The average waiting period under a BOE policy is much shorter, typically 30-90 days, and requires proof of disability, along with monthly proof of the expenses incurred. These policies typically limit benefit periods from 12 to 24 months because they contemplate that other forms of reimbursement will be available to the business to cover it for the loss of a key person to disability such as the acquisition of another partner or stockholder who can partially shoulder the burden of a organization’s on-going business expenses.
Individual versus Group Coverage
Most larger organizations offer group long-term disability to their employees and other higher-level executives. While a valuable supplement, these policies, in and of themselves, should not be relied upon as the exclusive methodology to protect employees or the business for a number of reasons.
First, these policies are not non-cancelable and guaranteed renewable, like privately purchased disability income policies acquired outside of the employer/employee setting. Thus, they can be changed or canceled by either the employer or the insurance company and their rates can go up
Second, most group policies contain many features that are far less beneficial than are available to those who purchase private disability insurance. Many group policies sponsored by employers, for example, contain limitations for benefits payable as a result of a mental and nervous disability, or a disability which cannot be verified through objective testing, such as fibromyalgia, chronic fatigue syndrome, certain back and neck conditions, and certain pain syndromes. Importantly, after two years of benefits, most group policies change their definition of disability from the inability to perform your “own” occupation to the inability to perform “any” occupation. The “any occupation” definition of disability is a far more difficult standard to satisfy. Moreover, any policies sponsored by private employers are governed by ERISA. The applicability of ERISA to disability insurance policies has a severe negative impact on the ability of the disabled individual or entity to recover benefits.
Whenever ERISA applies to disability insurance claims, the requirements to either prove the claim or litigate the claim become far more difficult and stringent for the disabled person or entity. For example, when ERISA applies, the law requires that an insured who had benefits denied or terminated must first pursue an administrative appeal of those benefits through the insurance company that made the adverse determination. If unsuccessful and the disappointed insured must go to court, the insured is not entitled to a jury trial and most often not entitled to submit additional evidence, hire new experts, or obtain discovery. Further, if ERISA applies to the claim, judges typically limit their review to the file compiled by the very insurance company that denied the claim. In addition, the court will often be required to defer to the determination made by the insurance company at the pre-litigation stage and only reverse the insurance company's determination if the court finds that the decision was arbitrary and capricious or an abuse of its discretion. In other words, in deciding a group disability insurance benefits contest, a court does not determine if the individual is disabled; rather, it determines whether the bases of the insurance company’s decision is too irrational to sustain.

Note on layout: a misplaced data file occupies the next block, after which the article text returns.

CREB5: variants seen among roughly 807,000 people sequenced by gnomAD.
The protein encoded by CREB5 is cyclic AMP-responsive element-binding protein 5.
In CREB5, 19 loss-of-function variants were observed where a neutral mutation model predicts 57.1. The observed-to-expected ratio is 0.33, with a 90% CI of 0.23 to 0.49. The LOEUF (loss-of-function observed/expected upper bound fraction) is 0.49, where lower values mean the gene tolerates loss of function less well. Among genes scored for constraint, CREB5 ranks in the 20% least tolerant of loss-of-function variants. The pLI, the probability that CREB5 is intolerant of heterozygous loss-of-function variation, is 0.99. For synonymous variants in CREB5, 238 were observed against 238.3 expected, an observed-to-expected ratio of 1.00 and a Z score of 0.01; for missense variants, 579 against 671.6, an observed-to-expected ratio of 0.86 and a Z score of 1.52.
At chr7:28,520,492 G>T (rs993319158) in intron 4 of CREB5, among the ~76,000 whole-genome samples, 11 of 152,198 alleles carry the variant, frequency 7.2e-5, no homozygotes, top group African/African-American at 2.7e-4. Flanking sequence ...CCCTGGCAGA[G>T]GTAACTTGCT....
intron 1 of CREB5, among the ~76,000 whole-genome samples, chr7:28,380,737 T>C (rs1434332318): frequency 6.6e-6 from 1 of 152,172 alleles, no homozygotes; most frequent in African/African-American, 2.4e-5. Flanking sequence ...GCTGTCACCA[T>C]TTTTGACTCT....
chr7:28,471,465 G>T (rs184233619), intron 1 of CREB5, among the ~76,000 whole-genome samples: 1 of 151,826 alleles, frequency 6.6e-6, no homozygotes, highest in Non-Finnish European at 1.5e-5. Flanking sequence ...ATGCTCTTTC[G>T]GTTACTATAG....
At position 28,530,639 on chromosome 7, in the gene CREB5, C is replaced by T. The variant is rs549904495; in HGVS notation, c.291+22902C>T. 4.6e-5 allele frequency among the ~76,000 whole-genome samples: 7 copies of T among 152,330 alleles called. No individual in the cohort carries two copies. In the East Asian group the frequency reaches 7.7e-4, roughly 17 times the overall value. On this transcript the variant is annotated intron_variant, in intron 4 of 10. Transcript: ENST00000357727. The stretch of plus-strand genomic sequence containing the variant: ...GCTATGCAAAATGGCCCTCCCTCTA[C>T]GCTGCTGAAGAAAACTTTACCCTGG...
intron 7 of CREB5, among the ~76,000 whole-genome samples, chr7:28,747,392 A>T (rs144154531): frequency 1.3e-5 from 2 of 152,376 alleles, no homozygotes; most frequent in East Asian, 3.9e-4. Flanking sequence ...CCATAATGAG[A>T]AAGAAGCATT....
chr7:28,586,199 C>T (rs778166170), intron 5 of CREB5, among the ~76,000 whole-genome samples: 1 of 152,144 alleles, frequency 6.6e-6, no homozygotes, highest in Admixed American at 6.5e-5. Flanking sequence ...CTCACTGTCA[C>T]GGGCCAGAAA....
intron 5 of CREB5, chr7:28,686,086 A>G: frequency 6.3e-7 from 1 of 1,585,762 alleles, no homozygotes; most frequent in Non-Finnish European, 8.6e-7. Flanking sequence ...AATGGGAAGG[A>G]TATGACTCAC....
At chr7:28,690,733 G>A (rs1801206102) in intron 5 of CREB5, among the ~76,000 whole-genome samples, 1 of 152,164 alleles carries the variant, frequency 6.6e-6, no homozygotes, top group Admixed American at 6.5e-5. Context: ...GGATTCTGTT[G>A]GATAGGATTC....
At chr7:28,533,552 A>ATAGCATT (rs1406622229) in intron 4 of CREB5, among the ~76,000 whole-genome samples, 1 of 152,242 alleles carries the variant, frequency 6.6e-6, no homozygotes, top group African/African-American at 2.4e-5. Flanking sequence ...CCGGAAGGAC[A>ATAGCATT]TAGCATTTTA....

Of course, premium costs of group disability insurance are far lower than the cost of obtaining a private disability insurance policy. But as described above, you get what you pay for. Nonetheless, having group disability insurance as a supplement to your private policies can certainly enhance your business planning, but should not be relied upon exclusively for the reasons set forth above.
All professionals and high-income earners should evaluate and consider purchasing individual disability income insurance to protect their ability to work in their occupation and their ability to earn a living. In doing so, however, it is important to have a fundamental understanding of the types of available coverage and the features that will best protect them and their business. Moreover, BOE and DBO coverage should be considered and acquired to protect closely held businesses and individuals from the more likely scenario of suffering a disability rather than an untimely death.
Evan S. Schwartz is a founding partner of Quadrino Schwartz, a boutique insurance law firm. He has a national reputation for his work in the field of Disability Income Insurance, and he is an adjunct professor of insurance law at Touro Law Center in New York.